Leadership is action! It’s what you do that counts, not what you say

Managers have subordinates, leaders have followers.

That short statement took me many years to learn. When I was young, and thrust into a management role way before I was ready, I thought leadership meant “getting people to do things”. And maybe, in the end, that is what it is. But it’s not by telling, or coercing or bribing. It’s way more subtle than that. And if you are looking to carve out a career in managing a recruitment business, developing your leadership abilities will be key to your success as a manager of recruiters.

Consultants are typically demanding, fickle, selfish even. Merely managing the process won’t be enough for you to build an exceptional business.

The good news is that leadership can be learned. It can be improved.

And it has to be — because creating an environment where people want to do things, rather than feel they have to, is the difference between great and mediocre. And yet leadership is so hard to define and so hard to find in our industry as well.

But perhaps it’s not surprising. Because it is true that many of us in management roles in recruitment have been promoted into leadership positions because we were good recruiters. Or we started our own business, hoping initially to just survive, but our energy and drive finds us now with teams of people to lead. We may, if we are lucky have learned to manage along the way, but who ever taught us about true leadership? What is it? What does a leader do? How does a leader behave?

To really make this point, I am going to pose a question. It’s rhetorical, but it’s directed at anyone reading this who is, or wants to be, a leader.

“Why would anyone want to be led by you”?

It’s a frightening question. And with good reason. You cannot do anything in this business without followers. We know it’s all about the people. And in these “empowered”, Generation Y times, followers are hard to find, right? People don’t follow blindly, and they don’t simply do what they are told – unless they believe. So managers of recruitment businesses had better know what it takes to lead effectively. You must find ways to engage people and rouse their commitment to the company goals.

But first, what are we talking about when we say “leadership”?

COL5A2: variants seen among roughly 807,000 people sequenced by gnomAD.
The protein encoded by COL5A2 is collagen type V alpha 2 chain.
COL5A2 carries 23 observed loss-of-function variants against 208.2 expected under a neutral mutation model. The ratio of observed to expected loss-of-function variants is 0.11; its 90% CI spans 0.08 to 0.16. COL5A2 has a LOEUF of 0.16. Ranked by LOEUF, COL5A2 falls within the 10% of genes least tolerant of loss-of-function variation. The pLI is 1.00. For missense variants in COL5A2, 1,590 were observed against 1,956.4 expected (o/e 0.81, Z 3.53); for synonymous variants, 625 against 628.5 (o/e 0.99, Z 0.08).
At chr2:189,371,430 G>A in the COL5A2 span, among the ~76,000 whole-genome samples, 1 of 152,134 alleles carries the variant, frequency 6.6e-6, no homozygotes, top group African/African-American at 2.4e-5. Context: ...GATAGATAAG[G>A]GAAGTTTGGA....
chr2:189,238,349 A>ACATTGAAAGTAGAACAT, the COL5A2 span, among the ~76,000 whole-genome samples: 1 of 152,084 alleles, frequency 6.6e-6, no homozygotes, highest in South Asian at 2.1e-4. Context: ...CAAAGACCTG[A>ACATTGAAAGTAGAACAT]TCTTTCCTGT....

Well, there are many definitions. But, in this industry, knowing the psyche of the average recruitment consultant, I believe it’s best encapsulated by two, linked characteristics.

You see, I have come to understand that the people who matter to us most are NOT the ones with the most credentials. People we look up to are not the ones with the most money or the most awards. The people who matter, the ones that we respect and will ultimately follow, are the ones that care and the ones who’ve made a difference in our lives.

That is leadership at the level we should be focused on now. Leaders will be judged by their ability to impact people and make a difference.

Think of your own history in the recruitment business. Is there a person or two who made a difference, taught you things, mentored, and influenced your values? Showed faith when others didn’t. Inspired you through their actions? That’s leadership. And that’s who we have to be for the next wave of recruiters coming through.

So there we have it defined. Leadership is about truly caring and about making a meaningful difference. Leadership is not about talking a good game. It’s not about thumping the table like some deranged half-time football coach. It’s not about dreaming up an esoteric vision statement that no one believes in or acts on.

Leadership is Action

It’s what you do that counts. It’s your behaviour that people will remember and emulate. It’s your example that people will follow.

Leadership is action.

About Greg Savage

Over a career spanning thirty years, Greg Savage has established himself as a global recruitment leader. Greg is a regular keynote speaker at staffing and recruitment conferences around the world.

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8 Responses to Leadership is action! It’s what you do that counts, not what you say

  1. Crash [Paul] March 8, 2010 at 5:32 pm #